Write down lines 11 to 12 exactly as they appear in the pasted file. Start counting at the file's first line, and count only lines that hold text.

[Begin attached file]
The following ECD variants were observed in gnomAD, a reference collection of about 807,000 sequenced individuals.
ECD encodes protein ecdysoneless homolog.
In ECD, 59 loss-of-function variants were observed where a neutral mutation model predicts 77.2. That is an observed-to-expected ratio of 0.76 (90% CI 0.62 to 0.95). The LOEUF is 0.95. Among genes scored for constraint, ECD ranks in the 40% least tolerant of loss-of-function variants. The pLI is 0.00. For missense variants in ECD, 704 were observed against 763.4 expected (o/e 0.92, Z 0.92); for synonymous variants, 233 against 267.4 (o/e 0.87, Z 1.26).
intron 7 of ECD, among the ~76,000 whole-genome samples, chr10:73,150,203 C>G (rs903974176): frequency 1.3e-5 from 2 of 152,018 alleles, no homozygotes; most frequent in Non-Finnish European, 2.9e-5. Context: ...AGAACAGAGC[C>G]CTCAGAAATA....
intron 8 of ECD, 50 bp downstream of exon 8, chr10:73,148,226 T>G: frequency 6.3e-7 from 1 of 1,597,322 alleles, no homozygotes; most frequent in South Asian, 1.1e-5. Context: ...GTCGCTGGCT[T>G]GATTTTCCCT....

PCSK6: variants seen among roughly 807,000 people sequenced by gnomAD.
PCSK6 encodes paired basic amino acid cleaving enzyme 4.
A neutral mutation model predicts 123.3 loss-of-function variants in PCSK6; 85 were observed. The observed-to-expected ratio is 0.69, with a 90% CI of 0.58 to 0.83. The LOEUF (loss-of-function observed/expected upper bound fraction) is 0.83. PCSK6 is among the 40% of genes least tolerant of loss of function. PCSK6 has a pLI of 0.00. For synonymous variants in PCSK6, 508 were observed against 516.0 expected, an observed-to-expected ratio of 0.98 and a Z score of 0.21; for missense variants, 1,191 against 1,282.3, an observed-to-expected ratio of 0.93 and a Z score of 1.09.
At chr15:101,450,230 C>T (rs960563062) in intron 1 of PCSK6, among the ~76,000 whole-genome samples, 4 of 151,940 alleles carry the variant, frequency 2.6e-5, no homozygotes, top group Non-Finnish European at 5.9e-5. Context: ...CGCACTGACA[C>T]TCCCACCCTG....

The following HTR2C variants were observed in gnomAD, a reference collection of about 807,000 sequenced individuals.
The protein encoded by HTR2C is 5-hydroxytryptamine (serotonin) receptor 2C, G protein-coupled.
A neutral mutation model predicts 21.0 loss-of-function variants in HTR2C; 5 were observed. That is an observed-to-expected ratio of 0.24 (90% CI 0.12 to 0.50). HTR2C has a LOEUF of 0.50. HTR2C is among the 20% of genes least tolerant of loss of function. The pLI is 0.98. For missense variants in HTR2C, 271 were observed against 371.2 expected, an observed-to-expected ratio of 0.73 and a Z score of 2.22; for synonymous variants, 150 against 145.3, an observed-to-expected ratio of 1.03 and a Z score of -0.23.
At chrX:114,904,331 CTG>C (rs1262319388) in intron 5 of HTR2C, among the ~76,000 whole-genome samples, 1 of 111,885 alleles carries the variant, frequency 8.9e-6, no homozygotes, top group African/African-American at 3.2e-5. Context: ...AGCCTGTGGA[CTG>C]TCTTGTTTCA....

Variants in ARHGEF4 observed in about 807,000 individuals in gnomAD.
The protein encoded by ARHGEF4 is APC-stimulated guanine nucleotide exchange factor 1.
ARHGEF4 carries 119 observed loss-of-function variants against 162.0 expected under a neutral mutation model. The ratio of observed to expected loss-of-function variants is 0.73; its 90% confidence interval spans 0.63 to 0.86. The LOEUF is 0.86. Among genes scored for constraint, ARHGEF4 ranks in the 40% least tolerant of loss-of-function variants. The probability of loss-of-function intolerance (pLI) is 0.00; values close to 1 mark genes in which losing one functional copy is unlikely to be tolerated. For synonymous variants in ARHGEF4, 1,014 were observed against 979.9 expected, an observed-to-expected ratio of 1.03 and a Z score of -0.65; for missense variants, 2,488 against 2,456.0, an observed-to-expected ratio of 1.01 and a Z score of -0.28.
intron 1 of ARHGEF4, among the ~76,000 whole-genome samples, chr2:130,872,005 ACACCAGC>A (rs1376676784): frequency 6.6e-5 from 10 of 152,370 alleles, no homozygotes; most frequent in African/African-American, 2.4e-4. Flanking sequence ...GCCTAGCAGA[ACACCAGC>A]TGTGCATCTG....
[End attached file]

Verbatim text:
The protein encoded by HTR2C is 5-hydroxytryptamine (serotonin) receptor 2C, G protein-coupled.
A neutral mutation model predicts 21.0 loss-of-function variants in HTR2C; 5 were observed. That is an observed-to-expected ratio of 0.24 (90% CI 0.12 to 0.50). HTR2C has a LOEUF of 0.50. HTR2C is among the 20% of genes least tolerant of loss of function. The pLI is 0.98. For missense variants in HTR2C, 271 were observed against 371.2 expected, an observed-to-expected ratio of 0.73 and a Z score of 2.22; for synonymous variants, 150 against 145.3, an observed-to-expected ratio of 1.03 and a Z score of -0.23.